The Empty Man Review

The Empty Man
  • Directing8
  • Writing8
  • Acting8
Overall8.0

The Empty Man subverts all expectations, delivering an exceptionally made slow-burn thriller that tugs at the very fabrics of reality through David Prior's distinct writing/directing and a dedicated performance from James Badge Dale.

Writer/director David Prior‘s The Empty Man is yet another Fox acquisition from Disney that is being dumped into theaters without much promotional fare, including a trailer (that was dropped a week before release) and a vague poster and plot synopsis. Despite all of that, The Empty Man succeeds as an ambitious slice of sci-fi/horror paranoia that’s wildly-edited, superbly-acted and downright evil in its execution. Those expecting another horror film about a faceless entity picking off deserving teenagers in rapid fashion will be massively disappointed as The Empty Man is about so much more.

James Lasombra (James Badge Dale) is an ex-cop turned owner of a home-security store, occasionally doing “private detective” jobs for family friends when the occasion calls for it. Most recently, he starts investigating a mysterious string of disappearances related to a local myth known only as The Empty Man. As the story goes, you whisper his name in an empty bottle on a bridge and soon you will start to see him, before he eventually comes for you.

The legend is rather vague and nonsensical, but things start getting serious as he investigates a missing family friend that is now the latest casualty in a somewhat quiet town that is experiencing a rather large amount of bizarre deaths.

The more James digs deeper the more he unravels information about a crazed cult that believes heavily in this supernatural being, which puts James in immediate danger.

I know what you’re going to say and let me just stop you right there. No, The Empty Man isn’t another one of those horror movies aimed at teenagers about a silly demon or creature that inflicts death on those that say his name or summon him. I mean yeah, the plot I described above kind of points directly to that, but The Empty Man is actually a movie about something slightly more diabolic, presenting that basic premise on the surface, but really digging into the meat as the film spirals out of control.

Or I should say as James Badge Dale‘s character spirals out of control. Because The Empty Man is entirely a one man show and that man leading the cause is JBD in what can be described as a dedicated performance that represents paranoia and an unhinged grasp on reality in the most rewarding of ways.

From the very first introduction, it is made very clear that James is broken and damaged in way that have left some serious scarring. Yet he functions with a half-smile, half-drunken look on his face that moves him through life, constantly looking back on his past. Watching James peel back the layers of mystery surrounding The Empty Man, fully knowing that he’s only making it worse, makes the film so damn interesting.

The Empty Man is a film that relies heavily on mood and how that correlates to reveal. Writer/director David Prior takes his sweet time establishing the unknown past of this “being” and he does this with a sprawling opening sequence that lays the groundwork in a way that feels restrained, yet informed in how Prior chooses to show select moments.

This creates a tense intro that’s absolutely drenched in horror, only for the film to sort of veer off into sci-fi/thriller territory as the story shifts its focus to James and his investigation.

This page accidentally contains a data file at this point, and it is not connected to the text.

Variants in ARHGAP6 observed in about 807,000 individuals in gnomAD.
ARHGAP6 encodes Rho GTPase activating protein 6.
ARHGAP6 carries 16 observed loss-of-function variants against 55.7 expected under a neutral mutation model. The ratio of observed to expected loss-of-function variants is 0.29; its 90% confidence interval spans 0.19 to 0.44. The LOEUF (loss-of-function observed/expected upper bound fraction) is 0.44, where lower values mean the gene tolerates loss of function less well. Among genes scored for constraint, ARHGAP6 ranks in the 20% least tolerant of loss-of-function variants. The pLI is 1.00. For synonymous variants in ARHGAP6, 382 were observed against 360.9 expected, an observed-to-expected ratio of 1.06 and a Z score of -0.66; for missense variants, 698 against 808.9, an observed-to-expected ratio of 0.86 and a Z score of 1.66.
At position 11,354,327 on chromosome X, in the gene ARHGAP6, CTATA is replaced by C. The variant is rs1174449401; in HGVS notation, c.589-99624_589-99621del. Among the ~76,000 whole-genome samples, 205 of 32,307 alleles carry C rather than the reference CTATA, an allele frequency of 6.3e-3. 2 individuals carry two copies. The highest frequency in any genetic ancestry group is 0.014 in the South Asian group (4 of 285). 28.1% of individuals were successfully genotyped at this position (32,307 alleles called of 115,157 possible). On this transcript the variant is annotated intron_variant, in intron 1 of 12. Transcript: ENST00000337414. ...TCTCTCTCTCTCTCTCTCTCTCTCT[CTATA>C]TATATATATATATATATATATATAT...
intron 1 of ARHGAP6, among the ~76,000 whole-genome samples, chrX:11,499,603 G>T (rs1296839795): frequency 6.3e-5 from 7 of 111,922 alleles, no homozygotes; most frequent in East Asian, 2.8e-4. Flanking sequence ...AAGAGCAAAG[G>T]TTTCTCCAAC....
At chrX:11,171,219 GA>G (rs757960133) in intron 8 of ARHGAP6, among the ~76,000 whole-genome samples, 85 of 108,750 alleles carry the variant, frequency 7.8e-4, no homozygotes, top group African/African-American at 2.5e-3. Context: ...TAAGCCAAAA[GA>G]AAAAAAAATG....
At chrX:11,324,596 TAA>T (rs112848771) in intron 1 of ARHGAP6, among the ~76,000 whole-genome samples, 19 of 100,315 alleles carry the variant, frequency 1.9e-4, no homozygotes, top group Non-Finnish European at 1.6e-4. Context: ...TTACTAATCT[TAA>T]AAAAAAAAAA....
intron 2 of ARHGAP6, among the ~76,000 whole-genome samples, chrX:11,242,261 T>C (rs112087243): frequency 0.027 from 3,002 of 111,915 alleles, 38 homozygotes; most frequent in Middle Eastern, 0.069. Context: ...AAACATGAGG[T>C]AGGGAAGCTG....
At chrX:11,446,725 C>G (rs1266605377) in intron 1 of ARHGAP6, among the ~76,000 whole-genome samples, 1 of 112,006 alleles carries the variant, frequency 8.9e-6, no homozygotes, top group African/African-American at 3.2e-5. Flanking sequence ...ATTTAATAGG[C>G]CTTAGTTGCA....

The Empty Man is structured in a sort of wonky way that makes sense, but comes up short-handed on occasion. There are scenes in this film that absolutely look cool and add to the atmosphere of any given moment, but when you break them down you will be asking yourself just how much of that really made any sense and how much of it was there just to get the point across?

And those moments can be forgiven as the film surrenders to no one in its ability to go as dark and as disturbing as possible, whether that be through its imagery or through its story, which isn’t for those looking for an approachable thriller. The Empty Man is an R-rated movie with more than one moment of crooked morality and cold realization that comes foaming at the mouth in full-swing.

The editing of this film is a creative treat that takes ordinary horror moments and puts a spin on them in a way that makes the film feel daring and bold, but messy and rough.

The more I think about this movie the more I want to compare it to Richard Kelly‘s under-rated sci-fi gem The Box, which is a film that I hope will get its day in court. Where The Box takes a short-story and blows it up with ambition and style, The Empty Man takes a tired genre approach and swerves so hard off to the left.

I walked into The Empty Man expecting another predictable horror movie that was more worried about capitalizing on our craze for these strange supernatural entities that can be summoned with something as simple as a bottle and I walked out amazed by how weird and different the end result was.

David Prior‘s The Empty Man is a horror movie on the surface, but a sci-fi thriller when the dust settles. It’s a performance-driven drama that features James Badge Dale completely sinking his teeth into a role of a man that’s beaten down, confused and unwillingly to accept his past mistakes. The Empty Man is big and bold in its reach, even if it doesn’t completely shake out all of the flaws.

If you’re feeling up for the theatrical experience, then I urge you not to skip out on this one as I truly believe that Disney had no idea how to market this film and figured it would be easier to dump it then to invest a little more time and money to find the right audience.


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